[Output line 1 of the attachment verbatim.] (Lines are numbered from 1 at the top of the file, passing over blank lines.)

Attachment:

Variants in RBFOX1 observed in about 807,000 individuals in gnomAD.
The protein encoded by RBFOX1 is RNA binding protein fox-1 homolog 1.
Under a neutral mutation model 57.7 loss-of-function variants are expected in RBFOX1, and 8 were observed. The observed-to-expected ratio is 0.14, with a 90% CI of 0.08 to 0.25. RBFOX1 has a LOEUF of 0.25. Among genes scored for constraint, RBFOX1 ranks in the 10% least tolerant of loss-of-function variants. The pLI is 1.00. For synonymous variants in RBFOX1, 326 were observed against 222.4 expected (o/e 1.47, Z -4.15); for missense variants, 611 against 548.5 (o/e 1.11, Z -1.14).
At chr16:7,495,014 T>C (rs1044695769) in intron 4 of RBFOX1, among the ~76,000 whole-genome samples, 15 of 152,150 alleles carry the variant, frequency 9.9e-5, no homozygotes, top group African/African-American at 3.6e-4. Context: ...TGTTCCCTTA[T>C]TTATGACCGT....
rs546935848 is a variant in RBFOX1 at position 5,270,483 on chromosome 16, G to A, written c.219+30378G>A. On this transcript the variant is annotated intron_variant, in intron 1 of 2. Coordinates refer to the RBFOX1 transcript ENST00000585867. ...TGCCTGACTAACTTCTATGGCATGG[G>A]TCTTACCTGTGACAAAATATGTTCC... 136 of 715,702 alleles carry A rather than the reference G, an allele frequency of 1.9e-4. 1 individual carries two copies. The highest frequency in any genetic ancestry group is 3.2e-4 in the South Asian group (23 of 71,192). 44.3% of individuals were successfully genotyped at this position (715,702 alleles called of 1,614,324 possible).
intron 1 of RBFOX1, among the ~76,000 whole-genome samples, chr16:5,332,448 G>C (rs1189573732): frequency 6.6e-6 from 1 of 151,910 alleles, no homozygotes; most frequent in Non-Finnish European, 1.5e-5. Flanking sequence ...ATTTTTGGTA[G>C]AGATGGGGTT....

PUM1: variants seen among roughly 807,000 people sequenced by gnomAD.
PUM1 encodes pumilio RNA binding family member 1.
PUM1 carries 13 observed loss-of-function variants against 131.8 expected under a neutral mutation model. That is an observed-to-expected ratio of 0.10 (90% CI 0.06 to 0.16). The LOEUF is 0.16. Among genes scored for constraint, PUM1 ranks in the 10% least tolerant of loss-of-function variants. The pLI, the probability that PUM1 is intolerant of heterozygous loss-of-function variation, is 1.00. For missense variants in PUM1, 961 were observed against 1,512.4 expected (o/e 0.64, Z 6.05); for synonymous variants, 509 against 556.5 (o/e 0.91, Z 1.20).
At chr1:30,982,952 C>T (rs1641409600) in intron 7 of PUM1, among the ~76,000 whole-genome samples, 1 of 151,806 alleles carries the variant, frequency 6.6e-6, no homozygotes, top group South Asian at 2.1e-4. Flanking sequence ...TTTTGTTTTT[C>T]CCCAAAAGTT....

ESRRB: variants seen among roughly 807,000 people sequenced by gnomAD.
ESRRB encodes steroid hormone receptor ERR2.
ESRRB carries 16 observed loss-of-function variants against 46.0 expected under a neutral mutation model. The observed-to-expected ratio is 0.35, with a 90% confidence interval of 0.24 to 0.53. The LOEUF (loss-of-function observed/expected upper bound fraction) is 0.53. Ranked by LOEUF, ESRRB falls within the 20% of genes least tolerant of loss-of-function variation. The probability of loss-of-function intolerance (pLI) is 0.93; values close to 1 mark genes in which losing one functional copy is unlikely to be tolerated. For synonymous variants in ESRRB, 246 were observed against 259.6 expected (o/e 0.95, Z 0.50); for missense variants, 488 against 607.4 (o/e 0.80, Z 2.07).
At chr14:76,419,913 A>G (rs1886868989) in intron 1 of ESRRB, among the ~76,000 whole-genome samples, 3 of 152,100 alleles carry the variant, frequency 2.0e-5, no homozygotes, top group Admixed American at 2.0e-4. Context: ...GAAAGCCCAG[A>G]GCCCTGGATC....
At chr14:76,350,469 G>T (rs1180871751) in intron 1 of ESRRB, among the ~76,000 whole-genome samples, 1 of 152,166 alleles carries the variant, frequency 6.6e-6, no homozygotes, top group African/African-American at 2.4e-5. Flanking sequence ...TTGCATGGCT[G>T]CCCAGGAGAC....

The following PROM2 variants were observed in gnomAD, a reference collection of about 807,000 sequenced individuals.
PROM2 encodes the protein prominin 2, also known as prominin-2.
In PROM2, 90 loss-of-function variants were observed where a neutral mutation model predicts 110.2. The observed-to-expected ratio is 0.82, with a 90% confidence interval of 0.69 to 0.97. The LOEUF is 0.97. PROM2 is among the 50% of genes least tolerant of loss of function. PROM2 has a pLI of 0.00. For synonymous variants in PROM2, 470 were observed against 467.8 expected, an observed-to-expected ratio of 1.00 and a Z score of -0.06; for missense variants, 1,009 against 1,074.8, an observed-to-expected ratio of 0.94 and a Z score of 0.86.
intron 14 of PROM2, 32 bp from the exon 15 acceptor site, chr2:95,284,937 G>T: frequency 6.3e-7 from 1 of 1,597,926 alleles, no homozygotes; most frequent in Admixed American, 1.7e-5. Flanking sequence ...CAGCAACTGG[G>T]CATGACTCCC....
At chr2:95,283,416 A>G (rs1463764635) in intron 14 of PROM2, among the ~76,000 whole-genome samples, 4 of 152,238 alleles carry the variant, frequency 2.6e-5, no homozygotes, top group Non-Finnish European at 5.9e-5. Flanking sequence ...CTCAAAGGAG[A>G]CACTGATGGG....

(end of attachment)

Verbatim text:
Variants in RBFOX1 observed in about 807,000 individuals in gnomAD.